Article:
1 day-old chick

When people hear the name E. coli, even a passing familiarity brings about reactions of disgust and fear of food poisoning.  This outright hatred of the common bacteria is, perhaps, a bit unwarranted, considering there are many different types of Escherichia coli.  Not only are there harmful strains, but there are also many that are harmless to humans and some that are even helpful as well.  We actually have our own E. coli that live in our intestines, take some of our nutrients and make essential vitamin K2 for us, which we cannot make for ourselves. Vitamin K is an important factor in blood coagulation.  So we have a good relationship with them, unless they are redistributed to the wrong places in our body where they can cause infection, illness and generally wreak havoc.  As many as 85% of urinary tract infections (UTI) are caused by E. coli, and most of these infections are thought to be linked to the native strain that lives in our intestines.(1)  Now there is a new suspect to the crime, chickens.

A group of scientists from McGill University, led by Amee R. Manges, compared the DNA of common human UTI bacteria to samples of bacterial strains found in beef, pork, and chicken.  Strains from beef and pork turned out to be less genetically related to UTI strains than samples collected from chicken, which seem to be very closely related.(2)  To add to the intrigue, this is a strain found on the actual animal, and is not connected with contamination from meat production plants.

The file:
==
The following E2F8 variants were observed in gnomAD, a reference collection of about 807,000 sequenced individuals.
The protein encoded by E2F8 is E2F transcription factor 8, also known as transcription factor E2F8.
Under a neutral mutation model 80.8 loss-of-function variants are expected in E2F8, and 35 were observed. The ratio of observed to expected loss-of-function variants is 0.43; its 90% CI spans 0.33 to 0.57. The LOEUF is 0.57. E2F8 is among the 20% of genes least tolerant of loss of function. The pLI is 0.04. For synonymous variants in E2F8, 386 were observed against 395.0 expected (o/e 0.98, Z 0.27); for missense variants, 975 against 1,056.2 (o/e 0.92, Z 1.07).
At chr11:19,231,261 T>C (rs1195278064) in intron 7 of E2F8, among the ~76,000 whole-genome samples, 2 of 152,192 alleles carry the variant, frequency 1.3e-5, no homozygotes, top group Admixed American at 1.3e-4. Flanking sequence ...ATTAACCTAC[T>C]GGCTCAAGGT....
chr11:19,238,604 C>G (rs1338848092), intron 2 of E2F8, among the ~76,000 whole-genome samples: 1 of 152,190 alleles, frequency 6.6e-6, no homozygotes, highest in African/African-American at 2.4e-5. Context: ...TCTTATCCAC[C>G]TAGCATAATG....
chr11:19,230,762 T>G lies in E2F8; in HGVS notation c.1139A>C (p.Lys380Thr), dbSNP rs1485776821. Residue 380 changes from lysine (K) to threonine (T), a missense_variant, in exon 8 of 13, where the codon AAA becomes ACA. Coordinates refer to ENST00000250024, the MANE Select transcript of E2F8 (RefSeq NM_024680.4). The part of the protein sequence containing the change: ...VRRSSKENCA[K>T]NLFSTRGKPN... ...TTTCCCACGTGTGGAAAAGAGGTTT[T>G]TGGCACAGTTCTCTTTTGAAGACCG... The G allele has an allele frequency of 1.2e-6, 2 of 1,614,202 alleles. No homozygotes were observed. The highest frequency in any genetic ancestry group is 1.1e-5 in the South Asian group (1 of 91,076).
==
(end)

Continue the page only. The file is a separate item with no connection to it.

So, does this mean we have to stop eating chicken?  Absolutely not, in fact, in my small family it is an essential staple.  Imagine a world with no chicken nuggets!  There are many things that the average consumer can do to reduce the chance of E. coli infection.  The proper handling and cooking  of raw material will adequately kill most of the bacteria.  Careful sterilization of the area exposed to any raw meat will usually take care of the rest. 

However, the responsibility should not rest only on the shoulders of consumers.  Manufacturers can play a big role in the reduction of disease-causing E. coli.  One factor that makes chickens vulnerable to the contagion is their proximity to one another.  When their living quarters are too tight, then they share all of their nasty pathogens as well as their food and water.  Giving them more space in a cleaner environment would immediately ease the spread of E. coli

Antibiotics have often been used by livestock owners to kill bacterial infections.  This can be effective, but overuse has been proven to produce antibiotic resistant bacteria.  The transmission of resistant bacteria to humans has been seriously complicating treatment of infections, even in UTI. 


  1.  http://www.kcbd.com/story/16942940/e-coli-in-chicken-linked-to-urinary-tract-infections: E. coli in Chicken Linked to Urinary Tract Infections
  2. http://www.gazettenet.com/2012/02/18/bc-med-utila-national-itop-300-words0326-urinary-tract-infections-linked-to-contaminated-chicken: Urinary tract infections linked to contaminated chicken